MEA Research Roundup

ME/CFS and Long Covid Research: 04 – 10 October 2022 

The weekly research round-up includes recent publications about ME/CFS and Long Covid. We highlight the studies that have particularly caught our interest and follow these with the full list of publications together with their abstracts (summaries).


The ME Association maintains a comprehensive index of published research on ME/CFS and Long Covid that is free to use and updated weekly.

Audio Commentary by Dr Katrina Pears

ME/CFS Research Published 4 – 10 October 2022 

It’s been a quiet week for ME/CFS research with only three new studies, however, there have been fifteen new studies on Long Covid. 

We have highlighted one ME/CFS study below and included highlights from this week’s Long Covid research: 

Paper one (1) is a systemic review on all genetic studies which has been published to date on ME/CFS and Long Covid in order to help understand the similarities, as well as to look at pathway analysis to understand the involvement of these genes in bodily functions. 

Interestingly, the review included previous data from 26 ME/CFS studies and 71 Long Covid studies, which really highlights the attention in Long Covid research. This revealed 429 genes being affected in ME/CFS and 97 genes in Long Covid. 

The study found a range of common genes being affected in both conditions: 

  • ACE (Angiotensin I-converting enzyme) – involved in controlling blood pressure by regulating body fluids. 
  • Four major histocompatibility complex genes (HLA-A, HLA-C, HLA-DQA1, HLA-DRB1) – involved in coding for the cell surface proteins in the adaptive immune system, this provides recognition to the T-cells so they do not attack them. 
  • TYK2 (Tyrosine kinase 2)- involved in regulating the immune system and is part of the cytokine signalling system. 

Together the results from this review suggest that immune dysfunction is involved in the pathogenesis of both conditions, although the number of genes shared between the two conditions was small.  

This study is limited by only using previously published data, which could be of varying quality (such as diagnostic criteria used), especially seeing as there has been a lack of investment into ME/CFS research, which this study highlights. The authors also highlight the discrepancies between findings in ME/CFS, and the expression of genes that are not involved in any one bodily system, making it hard to pinpoint any disease mechanisms. Therefore, there is hope that DecodeME could shed more light on the pathogenesis of disease.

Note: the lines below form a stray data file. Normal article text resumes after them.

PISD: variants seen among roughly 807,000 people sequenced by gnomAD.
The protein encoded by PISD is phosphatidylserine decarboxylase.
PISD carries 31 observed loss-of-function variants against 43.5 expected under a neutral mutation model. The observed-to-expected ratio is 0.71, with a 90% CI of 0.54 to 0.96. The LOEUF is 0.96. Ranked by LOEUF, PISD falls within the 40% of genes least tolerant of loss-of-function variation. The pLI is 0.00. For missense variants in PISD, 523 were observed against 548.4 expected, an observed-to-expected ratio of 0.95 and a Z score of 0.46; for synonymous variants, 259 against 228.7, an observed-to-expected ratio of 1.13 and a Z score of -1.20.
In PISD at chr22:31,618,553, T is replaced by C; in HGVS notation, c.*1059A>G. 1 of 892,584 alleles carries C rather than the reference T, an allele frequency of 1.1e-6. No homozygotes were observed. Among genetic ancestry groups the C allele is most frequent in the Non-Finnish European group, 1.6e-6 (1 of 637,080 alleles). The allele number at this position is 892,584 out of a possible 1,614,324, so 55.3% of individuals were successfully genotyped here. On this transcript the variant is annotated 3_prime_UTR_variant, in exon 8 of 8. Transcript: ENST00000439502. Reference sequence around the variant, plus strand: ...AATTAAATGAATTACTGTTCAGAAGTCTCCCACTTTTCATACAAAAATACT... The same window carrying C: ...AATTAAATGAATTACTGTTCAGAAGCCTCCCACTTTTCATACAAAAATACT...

Several of the studies in the Long Covid reference section are of particular interest this week: 

  • Paper two (2) is a comprehensive review on the neurological causes of Long Covid, and lists many of the causative factors we already know about ME/CFS. Dr Charles Shepherd has provided a comment of this paper
  • Paper three (3) is also a comprehensive review on the causes of Long Covid with a focus on the role of mast cell activation syndrome (MCAS) but also highlights changes in the immune system being contributors. 
  • Paper four (4) study finds that Long Covid patients can be identified by the 100% reduction in the plasma expression of interleukin 8 (IL-8) (involved in attracting and activating white blood cells) and interferon-gamma cytokines (IFNγ)(involved in a modulating and inducing immune responses), as well as a smaller but significant reduction of other interleukins. An easy to read summary of this paper can be found here
  • Paper five (5) study finds kynurenine (a metabolite of the amino acid tryptophan) in the blood and saliva to be a useful biomarker for Long Covid. 

ME/CFS Research References and Abstracts